Bloomberg Anywhere Login


Connecting decision makers to a dynamic network of information, people and ideas, Bloomberg quickly and accurately delivers business and financial information, news and insight around the world.


Financial Products

Enterprise Products


Customer Support

  • Americas

    +1 212 318 2000

  • Europe, Middle East, & Africa

    +44 20 7330 7500

  • Asia Pacific

    +65 6212 1000


Industry Products

Media Services

Follow Us

TV Cameras Rejected in U.S. Supreme Court Health-Care Case

March 16 (Bloomberg) -- The U.S. Supreme Court rejected media and lawmaker requests for television coverage of this month’s arguments on President Barack Obama’s health-care law, and agreed to release same-day audio recordings.

The court, in a statement citing the “extraordinary public interest” in the case, said it will post the audio on its website each afternoon of the three-day argument. The court generally only releases audio on a weekly basis.

Justices will hear six hours of arguments March 26-28 -- the most in 44 years -- and probably rule in late June. The central question in a challenge by 26 states and a business trade group is whether Congress exceeded its authority by requiring Americans to either get insurance or pay a penalty.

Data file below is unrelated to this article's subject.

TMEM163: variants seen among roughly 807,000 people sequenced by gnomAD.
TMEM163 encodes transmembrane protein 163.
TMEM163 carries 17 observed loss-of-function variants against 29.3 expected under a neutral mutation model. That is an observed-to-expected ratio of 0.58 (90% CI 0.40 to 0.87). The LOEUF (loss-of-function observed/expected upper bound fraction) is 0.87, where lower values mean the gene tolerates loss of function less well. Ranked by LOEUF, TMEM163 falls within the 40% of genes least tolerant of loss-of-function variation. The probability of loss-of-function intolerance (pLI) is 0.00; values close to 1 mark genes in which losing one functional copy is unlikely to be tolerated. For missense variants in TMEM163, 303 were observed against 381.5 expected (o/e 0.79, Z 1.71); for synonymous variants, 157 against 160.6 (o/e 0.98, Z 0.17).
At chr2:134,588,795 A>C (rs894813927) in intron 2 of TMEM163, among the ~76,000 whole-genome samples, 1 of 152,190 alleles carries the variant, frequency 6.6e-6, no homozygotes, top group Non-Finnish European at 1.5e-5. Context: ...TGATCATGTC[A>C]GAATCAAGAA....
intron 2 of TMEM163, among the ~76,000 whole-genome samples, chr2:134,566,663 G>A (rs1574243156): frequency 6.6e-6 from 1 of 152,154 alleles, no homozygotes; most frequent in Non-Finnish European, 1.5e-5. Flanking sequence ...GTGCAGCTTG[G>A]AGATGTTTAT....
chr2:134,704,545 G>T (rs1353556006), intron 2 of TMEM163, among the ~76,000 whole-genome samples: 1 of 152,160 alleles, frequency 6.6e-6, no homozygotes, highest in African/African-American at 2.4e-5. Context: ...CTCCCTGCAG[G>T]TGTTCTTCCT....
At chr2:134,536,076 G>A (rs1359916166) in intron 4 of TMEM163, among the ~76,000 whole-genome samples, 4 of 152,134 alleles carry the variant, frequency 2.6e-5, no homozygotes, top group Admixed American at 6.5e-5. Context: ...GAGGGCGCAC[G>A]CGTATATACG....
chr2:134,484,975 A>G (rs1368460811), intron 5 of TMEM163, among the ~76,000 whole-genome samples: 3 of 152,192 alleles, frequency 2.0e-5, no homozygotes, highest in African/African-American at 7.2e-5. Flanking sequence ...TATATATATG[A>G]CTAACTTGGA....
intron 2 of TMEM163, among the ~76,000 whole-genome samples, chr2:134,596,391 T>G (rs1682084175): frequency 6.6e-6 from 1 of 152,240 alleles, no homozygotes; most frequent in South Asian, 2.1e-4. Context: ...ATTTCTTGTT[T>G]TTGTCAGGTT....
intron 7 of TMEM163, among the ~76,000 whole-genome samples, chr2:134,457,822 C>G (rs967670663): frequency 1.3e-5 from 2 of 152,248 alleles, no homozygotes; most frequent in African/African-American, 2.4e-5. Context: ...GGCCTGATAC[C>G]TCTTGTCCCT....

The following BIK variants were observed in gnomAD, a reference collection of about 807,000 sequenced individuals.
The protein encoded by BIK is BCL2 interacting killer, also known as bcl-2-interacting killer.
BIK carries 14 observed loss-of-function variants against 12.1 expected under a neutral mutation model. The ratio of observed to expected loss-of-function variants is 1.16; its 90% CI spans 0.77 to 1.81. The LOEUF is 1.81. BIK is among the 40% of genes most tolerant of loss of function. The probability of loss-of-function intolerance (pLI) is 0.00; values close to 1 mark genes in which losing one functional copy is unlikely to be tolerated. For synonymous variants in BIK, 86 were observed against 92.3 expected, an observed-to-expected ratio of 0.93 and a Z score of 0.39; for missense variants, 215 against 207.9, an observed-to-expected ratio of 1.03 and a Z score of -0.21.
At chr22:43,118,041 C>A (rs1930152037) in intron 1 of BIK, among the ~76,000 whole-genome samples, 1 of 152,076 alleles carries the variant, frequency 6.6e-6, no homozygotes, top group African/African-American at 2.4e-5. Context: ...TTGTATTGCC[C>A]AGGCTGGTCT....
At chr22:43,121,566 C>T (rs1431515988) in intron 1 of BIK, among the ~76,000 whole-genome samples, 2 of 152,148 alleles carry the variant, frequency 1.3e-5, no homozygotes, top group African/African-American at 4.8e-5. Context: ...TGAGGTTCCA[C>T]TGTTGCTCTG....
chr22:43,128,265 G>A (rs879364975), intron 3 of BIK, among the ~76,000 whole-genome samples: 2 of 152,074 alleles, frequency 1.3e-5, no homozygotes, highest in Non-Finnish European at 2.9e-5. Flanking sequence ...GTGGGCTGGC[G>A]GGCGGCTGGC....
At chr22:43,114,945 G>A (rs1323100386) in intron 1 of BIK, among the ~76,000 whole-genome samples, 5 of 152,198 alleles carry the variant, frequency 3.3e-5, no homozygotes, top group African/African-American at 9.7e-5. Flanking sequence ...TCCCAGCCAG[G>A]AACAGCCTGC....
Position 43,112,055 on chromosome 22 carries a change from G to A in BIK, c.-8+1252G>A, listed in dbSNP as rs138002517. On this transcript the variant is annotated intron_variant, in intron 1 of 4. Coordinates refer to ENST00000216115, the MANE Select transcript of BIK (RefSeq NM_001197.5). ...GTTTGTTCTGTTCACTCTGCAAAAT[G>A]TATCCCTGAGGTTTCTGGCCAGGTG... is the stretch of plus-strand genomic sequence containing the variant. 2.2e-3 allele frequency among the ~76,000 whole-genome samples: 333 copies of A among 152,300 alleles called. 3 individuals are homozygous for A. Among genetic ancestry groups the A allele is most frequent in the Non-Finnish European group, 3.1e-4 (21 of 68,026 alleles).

The justices have never allowed video coverage of their arguments. Over the years, the justices have provided a number of explanations: that they would lose their anonymity, that cameras would change the dynamic in the courtroom, and that news organizations would use only snippets of the arguments.

In the health-care case, the court received requests for live video or audio coverage from a dozen lawmakers and more than 30 media organizations, including C-SPAN and Bloomberg News.

C-SPAN said in an e-mailed statement that it will run the audio on TV, radio and the Internet as soon as the recordings are released. The news organization said it was “disappointed” the court didn’t go further.

Public Interest

“We continue to believe allowing video coverage of Supreme Court oral arguments is in the public’s best interest,” C-SPAN said in the statement.

The court’s three-paragraph statement didn’t mention video cameras. The court’s spokeswoman, Kathy Arberg, said the court won’t allow television coverage.

The same-day audio release marks a change in the court’s most recent policy, adopted in 2010, to release audio for all its cases at the end of the week. Before that, starting with the Bush v. Gore presidential-election clash in 2000, the court released audio from select cases on the same day as the argument.

Senator Patrick Leahy of Vermont, the Democratic chairman of the Senate Judiciary Committee, said the court had taken a “step forward” with the expedited audio release in the health-care case.

“I continue to support live audio streaming and permitting cameras in our nation’s courtrooms, including in the Supreme Court, so that Americans can witness these public proceedings as they happen,” Leahy said.

To contact the reporter on this story: Greg Stohr in Washington at

To contact the editor responsible for this story: Steven Komarow at

Please upgrade your Browser

Your browser is out-of-date. Please download one of these excellent browsers:

Chrome, Firefox, Safari, Opera or Internet Explorer.